The point is that it’s a one dish meal in and of itself. Especially if you serve it with some nice bread or toast for soaking up some of the rich broth. Maybe your kids will like only the beans, or just eat the meaty bits. Who knows. But you don’t have to fight about it.

Day two, the leftovers can be heated and turned into a garlicky pasta sauce. You might want a pasta with plenty of nooks and crannies (like rotini) to pick up on the soft greens and brothy bits.

Day three, go to Stewarts, beat up some eggs, toss in some Cappiello ricotta and maybe a little grated parmesan cheese. Put them all together in a pan with some butter, and you’re on your way to having a delicious frittata.

And at any time, leftovers can be served for lunch or maybe even for breakfast. Why be a slave to tradition. Young Master Fussy often eats peanut butter with honey to start his day. Lately, I’ve been making Little Miss Fussy cheese quesadillas in the morning.

Some leftovers can be pureed, bound with an egg, dredged in flour and fried into fritters. A hearty pot of black eyed peas can on the second day be made into bean burgers.

Others leftovers can be chopped up and incorporated into a savory bread pudding. Roasted root vegetables with a bit of crumbled sausage would be a great candidate for this treatment.

Fried rice is a flexible dish, and many simple foods can take on a Chinese flavor once slathered with black bean sauce and a splash of toasted sesame oil. I knew Young Master Fussy loved fried rice, but I wasn’t sure if I could get him to eat a version chock full of slivered onions and cabbage. Without his knowledge, I made one that included these vegetables that are despised by Mrs. Fussy, and he ate it up.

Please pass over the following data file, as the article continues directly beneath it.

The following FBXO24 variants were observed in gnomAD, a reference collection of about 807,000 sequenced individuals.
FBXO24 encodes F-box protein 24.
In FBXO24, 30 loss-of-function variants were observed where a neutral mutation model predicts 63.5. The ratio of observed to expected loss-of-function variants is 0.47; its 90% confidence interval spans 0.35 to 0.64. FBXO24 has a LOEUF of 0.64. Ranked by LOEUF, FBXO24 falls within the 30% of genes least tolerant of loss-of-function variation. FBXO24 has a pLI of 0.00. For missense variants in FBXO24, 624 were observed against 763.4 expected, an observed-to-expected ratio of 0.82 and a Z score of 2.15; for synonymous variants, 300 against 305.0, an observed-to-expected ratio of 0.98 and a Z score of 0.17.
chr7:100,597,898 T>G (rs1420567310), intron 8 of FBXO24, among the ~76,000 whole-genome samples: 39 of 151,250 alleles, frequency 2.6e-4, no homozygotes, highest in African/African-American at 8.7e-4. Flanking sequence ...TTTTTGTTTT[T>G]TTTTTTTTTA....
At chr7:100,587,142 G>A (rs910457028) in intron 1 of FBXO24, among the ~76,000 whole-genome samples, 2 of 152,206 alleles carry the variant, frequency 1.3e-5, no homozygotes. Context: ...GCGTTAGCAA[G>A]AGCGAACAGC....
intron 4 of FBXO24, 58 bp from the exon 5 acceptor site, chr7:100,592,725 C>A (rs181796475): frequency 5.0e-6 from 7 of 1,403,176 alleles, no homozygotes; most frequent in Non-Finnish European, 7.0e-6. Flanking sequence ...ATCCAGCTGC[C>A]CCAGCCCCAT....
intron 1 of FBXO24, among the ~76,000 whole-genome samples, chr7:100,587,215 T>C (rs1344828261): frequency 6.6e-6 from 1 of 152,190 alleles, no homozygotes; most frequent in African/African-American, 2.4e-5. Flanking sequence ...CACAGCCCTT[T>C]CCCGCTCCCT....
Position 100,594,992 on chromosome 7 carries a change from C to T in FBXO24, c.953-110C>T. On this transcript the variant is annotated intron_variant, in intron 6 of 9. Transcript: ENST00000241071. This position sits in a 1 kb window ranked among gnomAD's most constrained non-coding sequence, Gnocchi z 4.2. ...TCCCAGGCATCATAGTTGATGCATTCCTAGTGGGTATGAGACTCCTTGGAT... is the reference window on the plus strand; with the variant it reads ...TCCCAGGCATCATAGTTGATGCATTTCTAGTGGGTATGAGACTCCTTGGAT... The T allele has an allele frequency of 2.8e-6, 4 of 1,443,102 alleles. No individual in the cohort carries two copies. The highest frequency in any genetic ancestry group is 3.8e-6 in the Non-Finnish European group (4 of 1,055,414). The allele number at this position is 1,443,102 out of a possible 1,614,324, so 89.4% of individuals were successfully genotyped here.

That’s a win.

As far as getting kids to try new and expensive things? Forget about it. If they don’t like it, you’re likely in for a more decadent dinner than you originally planned. But even if they do like it, then your kids will be clamoring for expensive foods all the time. Trust me on this. One of Little Miss Fussy’s favorite foods is prosciutto. Fortunately, the other one is black beans and rice, so it kind of balances out.

For what it’s worth, I love coming up with creative uses for leftovers. So if you’re ever in a bind and left with something on hand that you just can’t figure out how to use up, just drop me a line. I’m here to help.

One Comment leave one →
  1. EPT permalink
    October 22, 2014 9:47 am

    You’re right on, on this Daniel, use what you have and put the thinking cap on. I also like to have a few things in my back pocket, like stuffed baked potatoes. I make 5 lbs. at a time, bake them off, put through a ricer, butter, cream, milk, pepper, salt…add cheese or whatever you like and pipe the potatoes (using a disposable piping bag) into the half shells, freeze and your good to go for quite a few meals.

    I, like you make my own chicken stock, usually when those inexpensive leg quarters come with the back attached, I just remove it and you get great stock, especially if you roast the parts first.